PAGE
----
Human Rights First Welcome Introduction of Human Trafficking Accountability Act
Washington, D.C.—Human Rights First today welcomed the introduction of the Human Trafficking Accountability Act, introduced by Representatives Joyce Beatty (D-OH) and Ann Wagner (R-MO), that would strengthen the U.S. government’s approach to combating trafficking by designating a human trafficking prosecutor in every judicial district across the United States.
“Law enforcement and prosecutors simply don’t have what they need to investigate and pursue cases of human trafficking. This bill could change that by equipping each judicial district to combat this despicable crime,” said Human Rights First’s Annick Febrey. “Representatives Beatty and Wagner are leading the fight against modern day slavery by pressing for legislation that gives U.S. Attorney’s Offices the tools they need to hold human traffickers accountable and bring justice to victims. Congress needs to support them by passing this bill.”
The bill would designate a trafficking prosecutor in U.S. Attorney’s Offices across the country, called a “Human Trafficking Justice Coordinator,” who would be responsible for ensuring increased exploration of all potential cases of human trafficking and would improve the ability of the U.S. Attorney’s Offices to bring traffickers to justice in more complex cases. The designated prosecutors would improve expertise nationwide on how to successfully apply anti-trafficking statutes to gain convictions, as well as cultivate partnerships between government officials at all levels and service providers that are key to rooting out and prosecuting cases of trafficking. These prosecutors also would be responsible for collecting restitution for victims, which though mandatory now, victims rarely receive what they are owed.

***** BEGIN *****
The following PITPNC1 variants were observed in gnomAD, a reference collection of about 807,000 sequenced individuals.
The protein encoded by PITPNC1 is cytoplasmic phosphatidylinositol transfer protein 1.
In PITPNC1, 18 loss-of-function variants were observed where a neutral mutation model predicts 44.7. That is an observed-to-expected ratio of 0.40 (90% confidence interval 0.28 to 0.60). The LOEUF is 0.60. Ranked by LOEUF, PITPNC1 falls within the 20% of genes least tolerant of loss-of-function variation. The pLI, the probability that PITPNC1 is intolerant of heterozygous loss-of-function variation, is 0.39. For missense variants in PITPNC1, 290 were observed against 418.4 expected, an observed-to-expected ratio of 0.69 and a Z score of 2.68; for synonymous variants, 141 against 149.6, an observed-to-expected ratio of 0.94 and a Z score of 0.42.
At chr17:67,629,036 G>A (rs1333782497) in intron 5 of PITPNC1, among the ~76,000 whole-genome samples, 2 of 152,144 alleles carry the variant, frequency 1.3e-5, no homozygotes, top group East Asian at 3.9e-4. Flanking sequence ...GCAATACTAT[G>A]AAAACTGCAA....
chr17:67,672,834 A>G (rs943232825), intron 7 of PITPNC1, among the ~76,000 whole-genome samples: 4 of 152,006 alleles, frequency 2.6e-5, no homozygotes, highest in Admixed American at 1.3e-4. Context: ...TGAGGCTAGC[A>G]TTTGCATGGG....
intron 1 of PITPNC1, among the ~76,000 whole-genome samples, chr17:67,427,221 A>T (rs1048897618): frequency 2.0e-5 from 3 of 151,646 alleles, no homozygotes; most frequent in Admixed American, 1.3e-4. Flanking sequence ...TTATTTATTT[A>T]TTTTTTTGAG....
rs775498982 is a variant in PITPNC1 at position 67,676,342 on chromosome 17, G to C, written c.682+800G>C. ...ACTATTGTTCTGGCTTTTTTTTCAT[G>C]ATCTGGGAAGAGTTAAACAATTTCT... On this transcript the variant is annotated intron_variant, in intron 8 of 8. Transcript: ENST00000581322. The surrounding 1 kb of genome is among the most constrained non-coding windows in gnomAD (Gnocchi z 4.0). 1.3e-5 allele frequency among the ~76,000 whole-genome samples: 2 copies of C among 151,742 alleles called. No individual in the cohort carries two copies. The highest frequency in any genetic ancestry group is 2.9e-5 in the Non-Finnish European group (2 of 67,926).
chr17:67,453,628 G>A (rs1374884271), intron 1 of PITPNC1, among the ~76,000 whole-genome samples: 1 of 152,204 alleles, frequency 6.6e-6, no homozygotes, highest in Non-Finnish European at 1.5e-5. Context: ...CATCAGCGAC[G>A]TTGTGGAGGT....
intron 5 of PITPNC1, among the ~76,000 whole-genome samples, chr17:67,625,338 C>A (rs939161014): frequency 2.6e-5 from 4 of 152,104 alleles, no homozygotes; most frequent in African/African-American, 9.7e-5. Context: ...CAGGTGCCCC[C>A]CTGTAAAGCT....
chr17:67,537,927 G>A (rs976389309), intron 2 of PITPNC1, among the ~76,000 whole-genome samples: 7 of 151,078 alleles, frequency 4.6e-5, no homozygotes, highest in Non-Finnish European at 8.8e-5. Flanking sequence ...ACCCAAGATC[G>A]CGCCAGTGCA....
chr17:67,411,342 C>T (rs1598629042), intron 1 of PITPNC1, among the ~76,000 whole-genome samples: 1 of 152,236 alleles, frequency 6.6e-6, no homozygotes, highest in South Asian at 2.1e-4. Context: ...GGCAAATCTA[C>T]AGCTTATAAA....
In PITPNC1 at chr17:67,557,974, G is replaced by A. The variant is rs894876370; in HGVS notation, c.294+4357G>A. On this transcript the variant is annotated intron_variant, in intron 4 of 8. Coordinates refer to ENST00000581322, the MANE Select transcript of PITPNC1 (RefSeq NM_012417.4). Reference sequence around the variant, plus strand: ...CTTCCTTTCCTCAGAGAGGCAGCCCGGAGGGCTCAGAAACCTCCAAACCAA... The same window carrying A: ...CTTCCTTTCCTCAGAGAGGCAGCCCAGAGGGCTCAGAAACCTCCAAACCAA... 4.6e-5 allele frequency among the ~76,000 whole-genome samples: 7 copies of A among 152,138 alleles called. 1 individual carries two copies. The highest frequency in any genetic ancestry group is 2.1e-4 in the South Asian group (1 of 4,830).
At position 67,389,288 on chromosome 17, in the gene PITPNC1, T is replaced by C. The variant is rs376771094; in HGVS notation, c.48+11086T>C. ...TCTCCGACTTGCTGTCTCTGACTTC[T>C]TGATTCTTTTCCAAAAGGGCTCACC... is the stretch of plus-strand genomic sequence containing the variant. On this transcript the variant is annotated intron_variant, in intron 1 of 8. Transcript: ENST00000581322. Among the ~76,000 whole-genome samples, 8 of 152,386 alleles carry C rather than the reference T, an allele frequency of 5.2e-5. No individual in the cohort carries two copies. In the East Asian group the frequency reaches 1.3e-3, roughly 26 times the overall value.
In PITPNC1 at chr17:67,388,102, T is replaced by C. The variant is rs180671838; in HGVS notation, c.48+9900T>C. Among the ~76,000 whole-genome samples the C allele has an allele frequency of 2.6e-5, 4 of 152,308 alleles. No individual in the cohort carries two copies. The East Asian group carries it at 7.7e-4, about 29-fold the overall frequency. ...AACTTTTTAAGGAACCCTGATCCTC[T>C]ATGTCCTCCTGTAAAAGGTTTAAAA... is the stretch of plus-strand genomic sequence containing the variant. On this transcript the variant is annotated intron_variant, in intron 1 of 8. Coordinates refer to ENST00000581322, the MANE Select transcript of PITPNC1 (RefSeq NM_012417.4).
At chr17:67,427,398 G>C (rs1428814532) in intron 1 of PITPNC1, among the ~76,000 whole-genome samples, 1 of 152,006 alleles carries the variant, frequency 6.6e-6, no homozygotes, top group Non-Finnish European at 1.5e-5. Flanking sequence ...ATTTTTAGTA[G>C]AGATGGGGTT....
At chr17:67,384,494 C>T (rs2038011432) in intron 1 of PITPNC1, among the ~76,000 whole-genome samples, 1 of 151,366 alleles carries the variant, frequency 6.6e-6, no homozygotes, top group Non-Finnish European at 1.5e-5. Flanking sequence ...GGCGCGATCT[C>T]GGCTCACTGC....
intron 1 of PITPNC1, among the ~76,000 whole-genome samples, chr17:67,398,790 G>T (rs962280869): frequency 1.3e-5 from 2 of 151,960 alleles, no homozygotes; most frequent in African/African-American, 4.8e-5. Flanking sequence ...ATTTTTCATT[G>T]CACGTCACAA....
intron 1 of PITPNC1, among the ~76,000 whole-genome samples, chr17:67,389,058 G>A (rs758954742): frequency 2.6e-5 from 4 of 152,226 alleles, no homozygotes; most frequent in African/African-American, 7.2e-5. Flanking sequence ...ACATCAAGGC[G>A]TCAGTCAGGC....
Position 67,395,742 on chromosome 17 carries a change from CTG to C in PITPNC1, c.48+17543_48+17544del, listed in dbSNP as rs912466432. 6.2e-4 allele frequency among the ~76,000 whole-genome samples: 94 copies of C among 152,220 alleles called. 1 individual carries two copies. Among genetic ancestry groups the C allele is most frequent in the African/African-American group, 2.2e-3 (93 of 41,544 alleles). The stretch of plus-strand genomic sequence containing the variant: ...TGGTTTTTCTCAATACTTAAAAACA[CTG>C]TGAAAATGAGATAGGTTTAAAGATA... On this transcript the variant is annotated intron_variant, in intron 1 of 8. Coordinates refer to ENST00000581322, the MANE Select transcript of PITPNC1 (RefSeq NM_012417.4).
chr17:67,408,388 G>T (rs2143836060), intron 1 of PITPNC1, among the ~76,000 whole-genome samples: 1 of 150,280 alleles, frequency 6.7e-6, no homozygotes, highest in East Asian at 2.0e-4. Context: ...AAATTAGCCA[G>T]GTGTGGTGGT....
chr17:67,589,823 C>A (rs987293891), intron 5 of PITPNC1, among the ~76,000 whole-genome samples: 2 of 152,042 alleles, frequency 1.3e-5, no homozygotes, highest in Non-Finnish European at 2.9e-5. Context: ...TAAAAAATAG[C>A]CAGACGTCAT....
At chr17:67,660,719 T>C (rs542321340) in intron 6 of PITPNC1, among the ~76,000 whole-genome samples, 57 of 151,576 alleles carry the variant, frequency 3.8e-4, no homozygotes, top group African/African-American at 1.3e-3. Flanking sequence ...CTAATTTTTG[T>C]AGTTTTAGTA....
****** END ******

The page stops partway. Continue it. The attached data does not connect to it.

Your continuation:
Additionally, the bill would appoint a senior official at the Department of Justice who would be responsible for coordinating these designated prosecutors across the country, ensuring adequate training is available and that best practices are shared across jurisdictions.
Human Rights First notes that holding traffickers accountable can be challenging as trafficking cases can be difficult to identify, investigate and prosecute and therefore only a small fraction of reported cases are prosecuted. In 2015, the National Human Trafficking Hotline received 24,757 communications, while only 297 convictions were secured in the United States. More complex human trafficking cases—such as labor trafficking—are especially difficult to identify and can necessitate more interagency coordination requiring additional time and resources. Labor trafficking cases represented only two percent of human trafficking convictions in the United States in 2015, while service providers reported that 48 percent of their clients were labor trafficking victims.
“If human trafficking is going to be eradicated, we’ll need to work together. When agencies across all levels of government join efforts, traffickers end up behind bars,” added Febrey. “If Congress passes this bill, designated prosecutors will be able to coordinate those efforts, ensuring the most effective methods based on a victim centered approach are being used to investigate and prosecute criminals, while also helping those that have fallen victim to their crimes.”